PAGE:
Apple's "Dangerous Game" and Mobile BI

September 29, 2014 by Nate Williams

It seems that implementing stronger security standards is not without risk.  As the New York Times recently noted, Apple’s move to add full disk encryption to iOS 8 and remove any built-in backdoors has not won kudos from the N.S.A. and F.B.I.:

The National Security Agency and the nation’s law enforcement agencies have a different concern: that the smartphone is the first of a post-Snowden generation of equipment that will disrupt their investigative abilities.

This development has already generated some interesting commentary in legal circles.  Cyberlaw professor Orin Kerr calls it, “Apple’s dangerous game”.  And although he’s since updated his initial assessment, he notes that his concerns are not a closed case.

However, there are bigger considerations for Apple here than just making the iPhone more secure for trading Instagram posts or live tweets from Coachella.  Never mind the consumer; Apple needs to deliver better security for its enterprise customers.

In the enterprise world, the rapid evolution of Mobile BI has made iOS a major BI platform. This is still in the early stages – but it’s a fast moving train.  Among BI trends this year, the upsurge of Mobile BI is at the top of the list and this is creating a big shift in the enterprise.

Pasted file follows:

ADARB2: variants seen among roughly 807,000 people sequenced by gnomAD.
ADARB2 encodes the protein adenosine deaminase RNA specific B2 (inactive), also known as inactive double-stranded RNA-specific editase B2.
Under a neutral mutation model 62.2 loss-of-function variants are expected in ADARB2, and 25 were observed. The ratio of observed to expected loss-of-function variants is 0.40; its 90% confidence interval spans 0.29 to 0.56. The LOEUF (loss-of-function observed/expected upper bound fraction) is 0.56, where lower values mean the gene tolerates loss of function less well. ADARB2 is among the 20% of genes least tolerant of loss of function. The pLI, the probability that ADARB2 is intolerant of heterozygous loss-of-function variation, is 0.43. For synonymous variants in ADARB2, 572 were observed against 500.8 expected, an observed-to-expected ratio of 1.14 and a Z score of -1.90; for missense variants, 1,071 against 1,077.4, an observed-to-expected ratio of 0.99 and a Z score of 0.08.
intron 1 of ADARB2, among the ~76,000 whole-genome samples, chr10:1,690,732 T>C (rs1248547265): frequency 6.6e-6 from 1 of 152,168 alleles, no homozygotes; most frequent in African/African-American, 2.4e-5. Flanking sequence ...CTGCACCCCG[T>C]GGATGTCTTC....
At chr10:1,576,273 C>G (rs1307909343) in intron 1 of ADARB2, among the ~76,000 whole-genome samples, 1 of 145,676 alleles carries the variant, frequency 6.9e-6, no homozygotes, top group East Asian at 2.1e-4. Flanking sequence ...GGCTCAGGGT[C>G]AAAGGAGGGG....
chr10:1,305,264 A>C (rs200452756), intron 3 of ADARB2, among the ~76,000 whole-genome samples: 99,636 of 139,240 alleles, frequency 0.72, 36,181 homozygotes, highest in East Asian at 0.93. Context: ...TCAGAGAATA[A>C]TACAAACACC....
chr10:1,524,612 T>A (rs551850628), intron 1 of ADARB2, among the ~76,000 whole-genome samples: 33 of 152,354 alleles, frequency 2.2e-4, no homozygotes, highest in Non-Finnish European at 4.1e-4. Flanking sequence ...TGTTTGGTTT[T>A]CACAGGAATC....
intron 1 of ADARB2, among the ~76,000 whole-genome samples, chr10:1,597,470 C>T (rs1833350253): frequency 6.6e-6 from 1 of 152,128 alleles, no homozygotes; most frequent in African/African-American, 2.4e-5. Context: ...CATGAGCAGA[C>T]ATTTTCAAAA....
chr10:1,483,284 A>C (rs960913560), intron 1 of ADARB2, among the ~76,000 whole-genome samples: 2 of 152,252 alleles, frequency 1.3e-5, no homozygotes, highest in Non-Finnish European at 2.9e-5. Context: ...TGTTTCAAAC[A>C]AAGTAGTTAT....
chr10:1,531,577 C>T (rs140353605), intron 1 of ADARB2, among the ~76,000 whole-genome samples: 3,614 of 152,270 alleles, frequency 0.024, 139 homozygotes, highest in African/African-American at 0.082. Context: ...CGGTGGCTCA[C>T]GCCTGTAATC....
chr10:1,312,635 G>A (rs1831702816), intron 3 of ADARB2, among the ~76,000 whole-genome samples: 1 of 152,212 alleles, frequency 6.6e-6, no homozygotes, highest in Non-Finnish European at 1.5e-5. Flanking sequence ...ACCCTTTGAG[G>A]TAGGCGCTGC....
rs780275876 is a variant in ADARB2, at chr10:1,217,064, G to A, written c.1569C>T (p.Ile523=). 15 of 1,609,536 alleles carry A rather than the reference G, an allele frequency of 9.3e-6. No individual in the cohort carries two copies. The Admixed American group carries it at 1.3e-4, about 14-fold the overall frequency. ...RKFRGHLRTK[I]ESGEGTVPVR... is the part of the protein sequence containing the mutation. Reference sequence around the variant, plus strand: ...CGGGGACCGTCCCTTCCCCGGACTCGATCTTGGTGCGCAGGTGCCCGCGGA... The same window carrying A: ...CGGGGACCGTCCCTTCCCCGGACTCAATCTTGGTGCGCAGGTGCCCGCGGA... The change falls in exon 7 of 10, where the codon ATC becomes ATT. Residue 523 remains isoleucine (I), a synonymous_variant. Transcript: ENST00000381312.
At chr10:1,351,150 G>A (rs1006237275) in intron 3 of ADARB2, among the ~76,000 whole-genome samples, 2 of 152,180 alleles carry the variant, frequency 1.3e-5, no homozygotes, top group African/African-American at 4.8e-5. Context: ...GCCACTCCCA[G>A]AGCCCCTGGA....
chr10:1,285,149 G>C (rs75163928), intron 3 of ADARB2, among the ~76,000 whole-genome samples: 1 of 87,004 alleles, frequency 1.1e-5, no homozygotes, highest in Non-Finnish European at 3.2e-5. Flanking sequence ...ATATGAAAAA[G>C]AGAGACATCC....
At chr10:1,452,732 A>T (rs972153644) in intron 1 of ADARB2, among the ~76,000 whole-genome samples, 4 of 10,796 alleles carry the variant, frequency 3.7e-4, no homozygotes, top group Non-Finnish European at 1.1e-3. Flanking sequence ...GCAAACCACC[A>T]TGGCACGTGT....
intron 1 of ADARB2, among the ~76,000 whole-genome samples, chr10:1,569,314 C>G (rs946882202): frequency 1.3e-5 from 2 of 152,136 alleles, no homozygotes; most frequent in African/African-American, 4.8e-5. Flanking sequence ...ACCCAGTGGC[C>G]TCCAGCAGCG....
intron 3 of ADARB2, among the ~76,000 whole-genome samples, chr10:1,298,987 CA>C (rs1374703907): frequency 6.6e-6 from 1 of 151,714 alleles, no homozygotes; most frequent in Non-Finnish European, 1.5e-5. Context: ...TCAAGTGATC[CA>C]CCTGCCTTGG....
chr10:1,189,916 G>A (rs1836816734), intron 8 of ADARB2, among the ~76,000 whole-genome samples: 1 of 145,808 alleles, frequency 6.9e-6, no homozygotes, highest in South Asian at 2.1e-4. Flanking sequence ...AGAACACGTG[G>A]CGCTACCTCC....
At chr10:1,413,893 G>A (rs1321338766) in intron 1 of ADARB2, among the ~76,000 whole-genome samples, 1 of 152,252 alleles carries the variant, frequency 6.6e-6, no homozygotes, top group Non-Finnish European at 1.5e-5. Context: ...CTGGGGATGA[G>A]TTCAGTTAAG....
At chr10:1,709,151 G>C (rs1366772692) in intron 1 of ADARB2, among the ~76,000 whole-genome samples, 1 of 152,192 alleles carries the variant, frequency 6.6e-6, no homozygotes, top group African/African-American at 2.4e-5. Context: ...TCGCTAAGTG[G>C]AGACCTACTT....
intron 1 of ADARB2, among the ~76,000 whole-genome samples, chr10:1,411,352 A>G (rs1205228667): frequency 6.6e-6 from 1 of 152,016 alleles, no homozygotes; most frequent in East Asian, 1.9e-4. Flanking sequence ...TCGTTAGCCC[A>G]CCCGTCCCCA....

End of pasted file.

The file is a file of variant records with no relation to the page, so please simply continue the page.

Mobile BI is now an integral part of the data ecosystem.  And for good reasons.  As Michael Hiskey noted in the #BIWisdom tweetchat, Mobile BI is much better at engaging users than traditional reporting:

#MobileBI benefit is undeniable: @MicroStrategy internal data suggests #Mobile users have 40x more touches w Reports & #Analytics #BIWisdom

— Michael H (@mphnyc) August 29, 2014

But the presence of backdoor access to iOS undermines this, even if it’s useful for law enforcement.  As Julian Sanchez observed in his excellent reminder of lessons learned from the Crypto Wars:

More or less by definition, a backdoor for law enforcement is a deliberately introduced security vulnerability, a form of architected breach

Given Enterprise IT’s need for data governance and security, this is a real problem.  Even if BI vendors make their own applications secure on iOS, how can they fully protect the data or access information that might make its way into email, notes, and other parts of iOS?

So there’s a large upside to eliminating the backdoors from iOS.  Apart from some headaches for law enforcement, it’s good news for the future of Mobile BI.


Image by: Yanki01